Background: Anaemia after kidney transplantation may reduce quality of life, graft or patient survival. We aimed to determine the prevalence and risk factors for anaemia in the initial 12 months after transplantation. Methods: We conducted a cross-sectional study at 6 and 12 months after transplantation. Anaemia was defined by World Health Organization criteria taking into consideration erythropoietin use. Logistic regression was used to determine the association between demographic, clinical and pharmacological risk factors for the main outcome of moderate-severe anaemia. Results: A total of 336 transplant recipients were included and the prevalence of moderate-severe anaemia was 27.4% at 6 months and 15.2% at 12 months. Lower kidney function, female gender, transferrin saturation below 10% and proteinuria were associated with moderate-severe anaemia at both time points. Recent intravenous immunoglobulin treatment was associated with anaemia at 6 months. Recent infection and acute rejection were also associated with anaemia 12 months. Around 20% of patients had at least one blood transfusion but they were uncommon beyond 3 months. Conclusions: Anaemia remains highly prevalent requiring treatment with erythropoietin and transfusions. Most identifiable risk factors relate to clinical problems rather than pharmacological management, while markers of iron-deficiency remain difficult to interpret in this setting.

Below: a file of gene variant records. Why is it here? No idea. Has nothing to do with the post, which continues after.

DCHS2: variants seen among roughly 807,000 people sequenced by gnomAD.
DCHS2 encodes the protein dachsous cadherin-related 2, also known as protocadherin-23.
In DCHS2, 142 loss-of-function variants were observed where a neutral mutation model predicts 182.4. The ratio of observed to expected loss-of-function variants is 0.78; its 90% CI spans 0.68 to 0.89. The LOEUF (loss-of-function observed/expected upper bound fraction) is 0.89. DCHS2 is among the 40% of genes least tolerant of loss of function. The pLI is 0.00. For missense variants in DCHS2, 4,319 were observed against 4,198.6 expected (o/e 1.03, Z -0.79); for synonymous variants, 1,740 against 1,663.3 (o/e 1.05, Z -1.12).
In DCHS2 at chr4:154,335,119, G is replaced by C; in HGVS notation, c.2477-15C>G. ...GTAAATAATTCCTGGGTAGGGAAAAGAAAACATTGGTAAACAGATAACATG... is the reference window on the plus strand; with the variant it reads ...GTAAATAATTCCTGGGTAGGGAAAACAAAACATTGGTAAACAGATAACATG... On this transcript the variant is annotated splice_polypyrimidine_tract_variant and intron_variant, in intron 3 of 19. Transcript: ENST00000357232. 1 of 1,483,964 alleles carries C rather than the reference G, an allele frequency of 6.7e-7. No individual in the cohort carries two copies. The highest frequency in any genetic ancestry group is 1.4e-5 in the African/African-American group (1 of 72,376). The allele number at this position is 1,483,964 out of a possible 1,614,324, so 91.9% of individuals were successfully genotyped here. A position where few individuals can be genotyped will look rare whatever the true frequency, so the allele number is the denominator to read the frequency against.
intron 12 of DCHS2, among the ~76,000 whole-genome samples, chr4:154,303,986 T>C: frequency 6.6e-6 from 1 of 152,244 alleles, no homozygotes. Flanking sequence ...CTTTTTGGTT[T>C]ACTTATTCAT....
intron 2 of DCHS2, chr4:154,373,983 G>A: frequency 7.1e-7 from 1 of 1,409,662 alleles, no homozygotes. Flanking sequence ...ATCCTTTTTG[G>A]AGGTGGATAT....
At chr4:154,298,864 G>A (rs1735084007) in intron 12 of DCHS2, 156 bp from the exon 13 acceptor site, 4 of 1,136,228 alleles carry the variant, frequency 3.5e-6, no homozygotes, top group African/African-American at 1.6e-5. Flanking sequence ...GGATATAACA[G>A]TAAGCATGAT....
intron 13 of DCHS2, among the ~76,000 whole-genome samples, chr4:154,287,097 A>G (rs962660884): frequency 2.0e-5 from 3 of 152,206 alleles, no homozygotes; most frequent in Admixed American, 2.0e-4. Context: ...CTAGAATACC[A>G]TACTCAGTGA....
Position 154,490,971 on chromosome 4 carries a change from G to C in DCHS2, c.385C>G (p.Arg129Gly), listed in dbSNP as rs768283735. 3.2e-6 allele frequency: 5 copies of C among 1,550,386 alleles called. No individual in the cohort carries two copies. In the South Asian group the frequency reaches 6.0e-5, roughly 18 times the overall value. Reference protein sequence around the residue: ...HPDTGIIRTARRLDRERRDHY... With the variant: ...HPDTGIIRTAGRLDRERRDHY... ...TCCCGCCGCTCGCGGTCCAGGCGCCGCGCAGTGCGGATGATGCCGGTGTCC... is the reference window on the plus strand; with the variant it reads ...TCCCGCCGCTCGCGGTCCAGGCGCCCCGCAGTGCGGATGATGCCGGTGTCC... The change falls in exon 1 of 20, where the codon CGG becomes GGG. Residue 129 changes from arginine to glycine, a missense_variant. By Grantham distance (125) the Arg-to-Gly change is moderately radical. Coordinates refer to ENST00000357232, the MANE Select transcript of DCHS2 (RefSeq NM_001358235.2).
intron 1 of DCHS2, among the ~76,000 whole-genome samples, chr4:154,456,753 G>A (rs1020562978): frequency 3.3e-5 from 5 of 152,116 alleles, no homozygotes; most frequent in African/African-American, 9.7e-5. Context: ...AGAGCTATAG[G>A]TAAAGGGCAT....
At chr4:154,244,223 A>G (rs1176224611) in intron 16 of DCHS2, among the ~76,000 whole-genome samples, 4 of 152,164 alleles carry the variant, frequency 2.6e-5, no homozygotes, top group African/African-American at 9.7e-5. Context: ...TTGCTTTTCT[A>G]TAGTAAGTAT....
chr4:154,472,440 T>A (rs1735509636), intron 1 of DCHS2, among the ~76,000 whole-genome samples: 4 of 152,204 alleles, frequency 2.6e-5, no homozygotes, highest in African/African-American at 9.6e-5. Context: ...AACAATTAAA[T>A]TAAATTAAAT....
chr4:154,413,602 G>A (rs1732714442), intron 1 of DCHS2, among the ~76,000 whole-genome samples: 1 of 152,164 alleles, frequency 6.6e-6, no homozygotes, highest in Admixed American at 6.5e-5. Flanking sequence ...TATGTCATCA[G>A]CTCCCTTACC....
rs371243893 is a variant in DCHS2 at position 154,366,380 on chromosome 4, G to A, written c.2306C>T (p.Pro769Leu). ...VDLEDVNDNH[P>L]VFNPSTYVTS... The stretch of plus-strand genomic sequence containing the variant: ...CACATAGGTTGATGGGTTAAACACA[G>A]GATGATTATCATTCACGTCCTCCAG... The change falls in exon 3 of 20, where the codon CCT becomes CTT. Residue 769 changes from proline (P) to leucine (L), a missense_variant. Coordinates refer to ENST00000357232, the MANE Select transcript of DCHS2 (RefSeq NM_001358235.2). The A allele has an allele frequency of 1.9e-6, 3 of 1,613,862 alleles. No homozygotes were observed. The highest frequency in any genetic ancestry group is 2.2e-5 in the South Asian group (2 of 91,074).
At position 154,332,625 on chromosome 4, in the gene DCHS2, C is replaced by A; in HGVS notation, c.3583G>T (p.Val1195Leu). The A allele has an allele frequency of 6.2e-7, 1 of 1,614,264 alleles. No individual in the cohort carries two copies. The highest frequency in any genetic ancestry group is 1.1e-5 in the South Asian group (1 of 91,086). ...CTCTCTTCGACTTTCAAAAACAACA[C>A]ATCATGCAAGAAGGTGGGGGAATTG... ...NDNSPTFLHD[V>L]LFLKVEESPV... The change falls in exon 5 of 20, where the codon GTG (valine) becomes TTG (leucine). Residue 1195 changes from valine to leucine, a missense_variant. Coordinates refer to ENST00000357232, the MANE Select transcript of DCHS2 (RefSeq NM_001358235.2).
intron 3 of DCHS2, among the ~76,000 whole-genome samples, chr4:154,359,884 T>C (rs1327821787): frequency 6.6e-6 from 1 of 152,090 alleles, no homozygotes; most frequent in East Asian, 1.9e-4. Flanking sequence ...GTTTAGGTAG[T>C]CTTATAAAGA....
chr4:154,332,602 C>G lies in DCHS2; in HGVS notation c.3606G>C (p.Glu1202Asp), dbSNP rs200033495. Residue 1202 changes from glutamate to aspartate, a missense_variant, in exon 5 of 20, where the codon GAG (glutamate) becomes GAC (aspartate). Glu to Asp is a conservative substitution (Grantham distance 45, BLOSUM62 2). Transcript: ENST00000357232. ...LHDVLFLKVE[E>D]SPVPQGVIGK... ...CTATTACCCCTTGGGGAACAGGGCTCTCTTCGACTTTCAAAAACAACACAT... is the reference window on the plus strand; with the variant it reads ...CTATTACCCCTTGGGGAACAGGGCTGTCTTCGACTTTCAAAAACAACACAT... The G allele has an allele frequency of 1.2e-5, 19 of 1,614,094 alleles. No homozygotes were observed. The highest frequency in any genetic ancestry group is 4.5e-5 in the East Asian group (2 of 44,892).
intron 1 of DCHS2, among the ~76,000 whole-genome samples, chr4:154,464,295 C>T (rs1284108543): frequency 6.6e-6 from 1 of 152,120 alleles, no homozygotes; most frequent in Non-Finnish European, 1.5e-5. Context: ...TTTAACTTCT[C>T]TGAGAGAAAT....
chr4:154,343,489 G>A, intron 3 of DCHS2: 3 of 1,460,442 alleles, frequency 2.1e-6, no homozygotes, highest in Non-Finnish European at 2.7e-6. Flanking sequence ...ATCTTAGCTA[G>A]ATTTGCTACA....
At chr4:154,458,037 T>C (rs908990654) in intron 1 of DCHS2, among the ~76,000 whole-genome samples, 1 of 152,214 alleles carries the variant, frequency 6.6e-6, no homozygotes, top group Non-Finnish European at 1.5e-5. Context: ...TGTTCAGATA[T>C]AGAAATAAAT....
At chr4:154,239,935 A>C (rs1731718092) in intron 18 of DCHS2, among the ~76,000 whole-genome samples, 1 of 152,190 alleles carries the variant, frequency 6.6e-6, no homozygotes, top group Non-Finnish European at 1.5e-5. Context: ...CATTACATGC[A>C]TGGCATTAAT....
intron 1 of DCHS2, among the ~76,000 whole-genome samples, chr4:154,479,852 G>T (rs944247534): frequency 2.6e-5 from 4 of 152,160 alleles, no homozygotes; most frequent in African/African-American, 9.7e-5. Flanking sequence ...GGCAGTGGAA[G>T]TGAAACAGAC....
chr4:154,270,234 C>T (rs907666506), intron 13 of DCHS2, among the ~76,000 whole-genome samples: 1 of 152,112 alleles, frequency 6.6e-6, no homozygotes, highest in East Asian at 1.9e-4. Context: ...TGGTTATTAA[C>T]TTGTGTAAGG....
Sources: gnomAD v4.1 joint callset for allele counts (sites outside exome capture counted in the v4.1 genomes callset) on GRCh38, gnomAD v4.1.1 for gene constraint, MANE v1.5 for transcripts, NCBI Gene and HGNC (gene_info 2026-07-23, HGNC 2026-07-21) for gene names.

- Blood transfusion
- Kidney transplantation